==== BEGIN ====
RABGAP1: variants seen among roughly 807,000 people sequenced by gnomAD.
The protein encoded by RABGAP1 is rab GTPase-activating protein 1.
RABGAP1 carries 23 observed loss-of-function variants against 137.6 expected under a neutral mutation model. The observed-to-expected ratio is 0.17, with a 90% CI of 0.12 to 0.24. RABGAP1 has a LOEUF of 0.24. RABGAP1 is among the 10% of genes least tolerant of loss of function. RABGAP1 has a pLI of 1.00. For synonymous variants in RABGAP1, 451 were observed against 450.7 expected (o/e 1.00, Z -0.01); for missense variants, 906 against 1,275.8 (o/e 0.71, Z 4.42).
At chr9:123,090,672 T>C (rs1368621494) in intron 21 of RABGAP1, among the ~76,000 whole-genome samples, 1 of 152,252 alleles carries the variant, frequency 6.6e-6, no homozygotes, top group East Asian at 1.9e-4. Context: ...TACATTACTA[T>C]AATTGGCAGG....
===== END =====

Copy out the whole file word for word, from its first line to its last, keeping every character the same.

RABGAP1: variants seen among roughly 807,000 people sequenced by gnomAD.
The protein encoded by RABGAP1 is rab GTPase-activating protein 1.
RABGAP1 carries 23 observed loss-of-function variants against 137.6 expected under a neutral mutation model. The observed-to-expected ratio is 0.17, with a 90% CI of 0.12 to 0.24. RABGAP1 has a LOEUF of 0.24. RABGAP1 is among the 10% of genes least tolerant of loss of function. RABGAP1 has a pLI of 1.00. For synonymous variants in RABGAP1, 451 were observed against 450.7 expected (o/e 1.00, Z -0.01); for missense variants, 906 against 1,275.8 (o/e 0.71, Z 4.42).
At chr9:123,090,672 T>C (rs1368621494) in intron 21 of RABGAP1, among the ~76,000 whole-genome samples, 1 of 152,252 alleles carries the variant, frequency 6.6e-6, no homozygotes, top group East Asian at 1.9e-4. Context: ...TACATTACTA[T>C]AATTGGCAGG....